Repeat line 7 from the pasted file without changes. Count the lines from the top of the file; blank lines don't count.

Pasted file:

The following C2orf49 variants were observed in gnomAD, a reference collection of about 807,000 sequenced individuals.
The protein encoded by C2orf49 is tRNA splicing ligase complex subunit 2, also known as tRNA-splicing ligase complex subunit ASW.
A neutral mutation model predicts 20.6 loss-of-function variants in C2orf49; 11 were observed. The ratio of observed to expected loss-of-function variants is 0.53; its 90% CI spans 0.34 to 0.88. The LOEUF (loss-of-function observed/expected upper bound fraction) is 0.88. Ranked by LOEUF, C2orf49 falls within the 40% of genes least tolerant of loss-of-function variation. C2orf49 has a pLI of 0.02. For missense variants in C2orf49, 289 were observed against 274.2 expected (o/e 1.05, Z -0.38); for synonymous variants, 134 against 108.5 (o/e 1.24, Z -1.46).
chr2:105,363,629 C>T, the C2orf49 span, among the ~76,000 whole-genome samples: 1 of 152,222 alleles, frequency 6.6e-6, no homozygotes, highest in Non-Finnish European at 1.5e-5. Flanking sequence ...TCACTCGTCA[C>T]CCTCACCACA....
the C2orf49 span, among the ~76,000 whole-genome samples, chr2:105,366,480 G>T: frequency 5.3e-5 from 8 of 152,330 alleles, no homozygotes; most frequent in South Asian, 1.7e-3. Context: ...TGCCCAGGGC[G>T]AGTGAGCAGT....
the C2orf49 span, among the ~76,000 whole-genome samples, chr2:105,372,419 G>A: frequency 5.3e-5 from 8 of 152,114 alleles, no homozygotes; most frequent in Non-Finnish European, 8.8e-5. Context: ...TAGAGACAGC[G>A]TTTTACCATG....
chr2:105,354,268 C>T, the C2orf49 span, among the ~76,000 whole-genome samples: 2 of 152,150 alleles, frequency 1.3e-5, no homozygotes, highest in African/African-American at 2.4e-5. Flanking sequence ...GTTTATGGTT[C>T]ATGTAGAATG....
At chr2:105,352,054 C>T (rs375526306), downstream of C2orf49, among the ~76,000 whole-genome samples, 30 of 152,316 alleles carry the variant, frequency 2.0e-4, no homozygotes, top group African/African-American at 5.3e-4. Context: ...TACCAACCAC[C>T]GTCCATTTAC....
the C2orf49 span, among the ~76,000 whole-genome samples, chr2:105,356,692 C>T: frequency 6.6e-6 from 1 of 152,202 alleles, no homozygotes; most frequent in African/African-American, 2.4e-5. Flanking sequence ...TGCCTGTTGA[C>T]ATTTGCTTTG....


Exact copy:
chr2:105,354,268 C>T, the C2orf49 span, among the ~76,000 whole-genome samples: 2 of 152,150 alleles, frequency 1.3e-5, no homozygotes, highest in African/African-American at 2.4e-5. Flanking sequence ...GTTTATGGTT[C>T]ATGTAGAATG....